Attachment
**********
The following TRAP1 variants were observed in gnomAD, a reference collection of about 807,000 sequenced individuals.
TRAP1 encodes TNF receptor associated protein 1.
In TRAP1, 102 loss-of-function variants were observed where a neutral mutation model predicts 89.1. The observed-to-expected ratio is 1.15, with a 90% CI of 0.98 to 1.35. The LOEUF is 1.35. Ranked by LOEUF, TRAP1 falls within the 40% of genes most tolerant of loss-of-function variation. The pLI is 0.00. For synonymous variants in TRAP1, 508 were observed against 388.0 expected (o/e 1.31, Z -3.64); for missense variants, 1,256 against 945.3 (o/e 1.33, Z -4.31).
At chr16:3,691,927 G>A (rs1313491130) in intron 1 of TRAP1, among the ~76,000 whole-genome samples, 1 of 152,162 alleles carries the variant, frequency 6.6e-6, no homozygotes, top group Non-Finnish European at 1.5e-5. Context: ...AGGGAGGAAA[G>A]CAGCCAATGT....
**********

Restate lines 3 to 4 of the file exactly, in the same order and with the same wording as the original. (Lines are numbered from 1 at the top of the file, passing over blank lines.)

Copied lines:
In TRAP1, 102 loss-of-function variants were observed where a neutral mutation model predicts 89.1. The observed-to-expected ratio is 1.15, with a 90% CI of 0.98 to 1.35. The LOEUF is 1.35. Ranked by LOEUF, TRAP1 falls within the 40% of genes most tolerant of loss-of-function variation. The pLI is 0.00. For synonymous variants in TRAP1, 508 were observed against 388.0 expected (o/e 1.31, Z -3.64); for missense variants, 1,256 against 945.3 (o/e 1.33, Z -4.31).
At chr16:3,691,927 G>A (rs1313491130) in intron 1 of TRAP1, among the ~76,000 whole-genome samples, 1 of 152,162 alleles carries the variant, frequency 6.6e-6, no homozygotes, top group Non-Finnish European at 1.5e-5. Context: ...AGGGAGGAAA[G>A]CAGCCAATGT....